Multimodality in the poetry of Lillian Allen & Dionne Brand : a social semiotic analysis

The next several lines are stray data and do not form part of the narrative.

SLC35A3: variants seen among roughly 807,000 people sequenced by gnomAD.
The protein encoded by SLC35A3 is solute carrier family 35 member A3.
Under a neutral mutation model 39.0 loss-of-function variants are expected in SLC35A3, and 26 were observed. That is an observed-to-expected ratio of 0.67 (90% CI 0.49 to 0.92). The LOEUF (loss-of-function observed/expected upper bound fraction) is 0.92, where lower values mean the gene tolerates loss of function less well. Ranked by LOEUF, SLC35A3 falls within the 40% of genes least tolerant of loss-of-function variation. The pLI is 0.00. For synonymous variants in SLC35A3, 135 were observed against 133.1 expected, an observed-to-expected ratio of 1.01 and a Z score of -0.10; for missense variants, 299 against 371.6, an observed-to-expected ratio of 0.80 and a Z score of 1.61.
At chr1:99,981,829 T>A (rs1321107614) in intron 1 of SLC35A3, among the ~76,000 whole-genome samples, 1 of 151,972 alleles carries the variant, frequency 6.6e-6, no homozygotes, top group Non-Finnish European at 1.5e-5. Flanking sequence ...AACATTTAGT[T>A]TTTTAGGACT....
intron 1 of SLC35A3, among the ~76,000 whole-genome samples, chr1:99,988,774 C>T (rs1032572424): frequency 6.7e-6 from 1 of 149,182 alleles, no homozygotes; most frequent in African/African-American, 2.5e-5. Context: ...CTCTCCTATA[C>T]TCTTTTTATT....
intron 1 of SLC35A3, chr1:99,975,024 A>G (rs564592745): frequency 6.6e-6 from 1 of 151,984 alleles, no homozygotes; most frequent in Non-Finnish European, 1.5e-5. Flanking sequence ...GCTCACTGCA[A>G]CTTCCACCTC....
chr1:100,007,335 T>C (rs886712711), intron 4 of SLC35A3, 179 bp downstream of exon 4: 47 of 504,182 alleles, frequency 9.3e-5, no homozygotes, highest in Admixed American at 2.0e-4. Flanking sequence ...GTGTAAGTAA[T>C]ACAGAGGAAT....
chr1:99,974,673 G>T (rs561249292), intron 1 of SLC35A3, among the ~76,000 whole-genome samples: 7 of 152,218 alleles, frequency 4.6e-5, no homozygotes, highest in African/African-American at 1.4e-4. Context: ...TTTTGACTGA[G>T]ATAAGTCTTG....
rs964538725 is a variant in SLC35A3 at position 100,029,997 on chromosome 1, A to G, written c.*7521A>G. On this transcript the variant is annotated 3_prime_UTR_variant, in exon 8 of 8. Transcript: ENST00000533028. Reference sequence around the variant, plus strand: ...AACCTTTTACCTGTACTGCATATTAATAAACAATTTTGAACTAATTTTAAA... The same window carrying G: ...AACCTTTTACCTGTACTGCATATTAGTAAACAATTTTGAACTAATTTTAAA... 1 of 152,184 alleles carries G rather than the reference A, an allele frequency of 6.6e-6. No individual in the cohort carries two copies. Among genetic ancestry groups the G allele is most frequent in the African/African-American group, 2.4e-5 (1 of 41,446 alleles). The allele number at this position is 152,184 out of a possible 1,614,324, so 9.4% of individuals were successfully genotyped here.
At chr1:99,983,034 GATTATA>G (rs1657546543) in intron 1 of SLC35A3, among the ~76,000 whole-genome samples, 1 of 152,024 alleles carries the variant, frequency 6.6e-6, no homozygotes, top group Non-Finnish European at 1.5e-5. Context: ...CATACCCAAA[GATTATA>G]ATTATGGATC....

This thesis develops social semiotic theory by asking it to account for the meaning-making practices of African-Canadian poets Lillian Allen and Dionne Brand. Its primary aim is to develop the theory, though it attempts to describe in new and interesting ways certain moments in these oral / written texts at the margins of the literary. The research question, what is the relationship between spoken creole and English writing? is an entry into the political issues raised by the texts themselves, and larger issues of clisciplinarity and the epistemologies of linguistic and literary studies. After giving an account of their literary-historical and black feminist contexts and an overview of the poetry of Allen and Brand, I look for a poststructuralist semiotic model of the relationship between letter and sound in Derrida's "The End of the Book and the Beginning of Writing". Finding his -07 version phonetic writing too restricted to account for the practices of Allen and Brand, and deconstruction only a partial explanation of Caribbean feminist poetics, I develop a critical sociolinguistic / social semiotic account of language standardisation, conventionality, and grammar. With the aid of Saussure's Cours 4 linguistique generale, I work out the formal properties of the sign necessary to account for these, and then go on to explain how they work in the texts of Allen and Brand using two social semiotic principles of production: "projection" and "embodiment". My thesis is that orality is a mode, as is dialect (including standardised language), the English grapholect, and the semiotic body. Each of these has certain meaning-making affordances not accessible in the others. The writing of Allen and Brand, as well as Allen's performance, use each of these modes to create different meanings.